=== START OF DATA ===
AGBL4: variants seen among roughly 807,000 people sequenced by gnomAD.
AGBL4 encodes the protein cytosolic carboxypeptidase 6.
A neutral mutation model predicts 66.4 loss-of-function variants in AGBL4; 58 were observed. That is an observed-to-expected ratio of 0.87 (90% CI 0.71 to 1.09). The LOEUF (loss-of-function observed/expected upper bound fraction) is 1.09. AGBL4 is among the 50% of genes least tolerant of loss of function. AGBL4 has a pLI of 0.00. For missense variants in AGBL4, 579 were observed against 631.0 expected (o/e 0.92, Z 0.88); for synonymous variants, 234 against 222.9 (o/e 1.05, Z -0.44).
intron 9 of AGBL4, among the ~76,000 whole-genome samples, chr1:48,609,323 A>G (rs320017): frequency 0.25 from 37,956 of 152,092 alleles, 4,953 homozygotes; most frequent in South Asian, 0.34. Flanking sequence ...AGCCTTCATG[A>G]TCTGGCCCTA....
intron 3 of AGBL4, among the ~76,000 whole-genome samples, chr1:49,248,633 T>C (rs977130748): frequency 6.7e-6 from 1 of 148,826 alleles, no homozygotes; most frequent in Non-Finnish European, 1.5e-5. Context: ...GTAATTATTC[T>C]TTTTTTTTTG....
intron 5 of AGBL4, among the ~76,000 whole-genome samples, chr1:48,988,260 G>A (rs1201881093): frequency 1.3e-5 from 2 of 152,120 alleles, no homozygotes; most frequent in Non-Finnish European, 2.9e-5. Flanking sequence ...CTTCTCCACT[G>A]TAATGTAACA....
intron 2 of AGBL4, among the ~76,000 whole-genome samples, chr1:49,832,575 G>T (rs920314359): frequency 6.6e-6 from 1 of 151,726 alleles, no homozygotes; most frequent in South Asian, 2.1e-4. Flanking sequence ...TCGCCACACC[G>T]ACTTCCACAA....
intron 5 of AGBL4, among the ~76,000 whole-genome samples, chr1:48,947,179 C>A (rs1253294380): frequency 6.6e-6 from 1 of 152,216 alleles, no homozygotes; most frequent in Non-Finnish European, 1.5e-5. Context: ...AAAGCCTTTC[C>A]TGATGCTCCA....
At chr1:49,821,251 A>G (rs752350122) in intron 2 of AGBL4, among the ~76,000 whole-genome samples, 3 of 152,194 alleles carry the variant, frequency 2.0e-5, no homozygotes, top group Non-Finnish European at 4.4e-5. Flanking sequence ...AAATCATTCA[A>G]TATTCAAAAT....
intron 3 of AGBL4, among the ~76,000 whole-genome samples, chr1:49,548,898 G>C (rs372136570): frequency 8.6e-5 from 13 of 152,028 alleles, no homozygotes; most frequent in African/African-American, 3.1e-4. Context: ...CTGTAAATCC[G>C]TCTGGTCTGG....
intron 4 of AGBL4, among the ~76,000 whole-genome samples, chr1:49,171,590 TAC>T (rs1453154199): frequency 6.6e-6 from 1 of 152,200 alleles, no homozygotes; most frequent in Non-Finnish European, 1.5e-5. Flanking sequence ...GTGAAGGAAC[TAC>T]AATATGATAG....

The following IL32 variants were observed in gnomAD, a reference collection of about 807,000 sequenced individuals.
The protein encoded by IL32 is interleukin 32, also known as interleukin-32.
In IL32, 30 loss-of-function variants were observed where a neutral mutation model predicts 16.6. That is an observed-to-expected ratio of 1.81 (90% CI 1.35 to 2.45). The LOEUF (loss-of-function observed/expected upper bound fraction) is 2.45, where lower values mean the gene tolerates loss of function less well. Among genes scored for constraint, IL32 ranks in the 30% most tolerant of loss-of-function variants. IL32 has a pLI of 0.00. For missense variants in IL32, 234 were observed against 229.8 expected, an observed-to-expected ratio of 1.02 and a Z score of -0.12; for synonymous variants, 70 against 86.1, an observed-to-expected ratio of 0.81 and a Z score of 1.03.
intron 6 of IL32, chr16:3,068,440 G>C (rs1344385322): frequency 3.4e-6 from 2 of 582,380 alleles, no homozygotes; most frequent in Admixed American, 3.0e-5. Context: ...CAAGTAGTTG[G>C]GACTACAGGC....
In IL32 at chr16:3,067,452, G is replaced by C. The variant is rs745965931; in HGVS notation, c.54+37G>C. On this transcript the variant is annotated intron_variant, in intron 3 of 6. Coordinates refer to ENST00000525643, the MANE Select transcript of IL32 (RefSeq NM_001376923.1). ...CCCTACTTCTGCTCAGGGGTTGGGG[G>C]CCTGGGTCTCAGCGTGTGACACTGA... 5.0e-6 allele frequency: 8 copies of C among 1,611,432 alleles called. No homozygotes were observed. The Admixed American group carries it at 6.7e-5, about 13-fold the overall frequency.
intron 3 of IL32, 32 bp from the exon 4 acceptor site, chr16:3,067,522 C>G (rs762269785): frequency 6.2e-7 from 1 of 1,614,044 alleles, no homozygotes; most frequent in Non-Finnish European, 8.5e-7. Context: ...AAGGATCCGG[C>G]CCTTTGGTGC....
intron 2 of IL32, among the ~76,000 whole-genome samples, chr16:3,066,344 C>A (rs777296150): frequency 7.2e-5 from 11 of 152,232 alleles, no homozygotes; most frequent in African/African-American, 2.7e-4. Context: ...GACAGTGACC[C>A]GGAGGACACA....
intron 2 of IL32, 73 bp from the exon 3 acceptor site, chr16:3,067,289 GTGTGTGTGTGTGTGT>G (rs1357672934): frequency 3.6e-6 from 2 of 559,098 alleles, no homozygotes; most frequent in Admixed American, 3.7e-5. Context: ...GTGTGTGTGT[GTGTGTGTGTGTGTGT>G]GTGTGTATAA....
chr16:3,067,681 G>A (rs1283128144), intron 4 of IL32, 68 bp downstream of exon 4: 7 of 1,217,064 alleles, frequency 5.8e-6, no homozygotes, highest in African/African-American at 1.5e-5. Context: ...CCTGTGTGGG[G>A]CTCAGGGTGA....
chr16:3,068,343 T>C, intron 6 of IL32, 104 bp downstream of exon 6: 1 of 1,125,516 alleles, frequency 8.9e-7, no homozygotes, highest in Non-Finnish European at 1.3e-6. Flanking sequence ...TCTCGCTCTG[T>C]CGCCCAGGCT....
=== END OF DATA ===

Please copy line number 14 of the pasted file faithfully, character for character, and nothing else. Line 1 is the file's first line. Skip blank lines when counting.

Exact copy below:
In IL32, 30 loss-of-function variants were observed where a neutral mutation model predicts 16.6. That is an observed-to-expected ratio of 1.81 (90% CI 1.35 to 2.45). The LOEUF (loss-of-function observed/expected upper bound fraction) is 2.45, where lower values mean the gene tolerates loss of function less well. Among genes scored for constraint, IL32 ranks in the 30% most tolerant of loss-of-function variants. IL32 has a pLI of 0.00. For missense variants in IL32, 234 were observed against 229.8 expected, an observed-to-expected ratio of 1.02 and a Z score of -0.12; for synonymous variants, 70 against 86.1, an observed-to-expected ratio of 0.81 and a Z score of 1.03.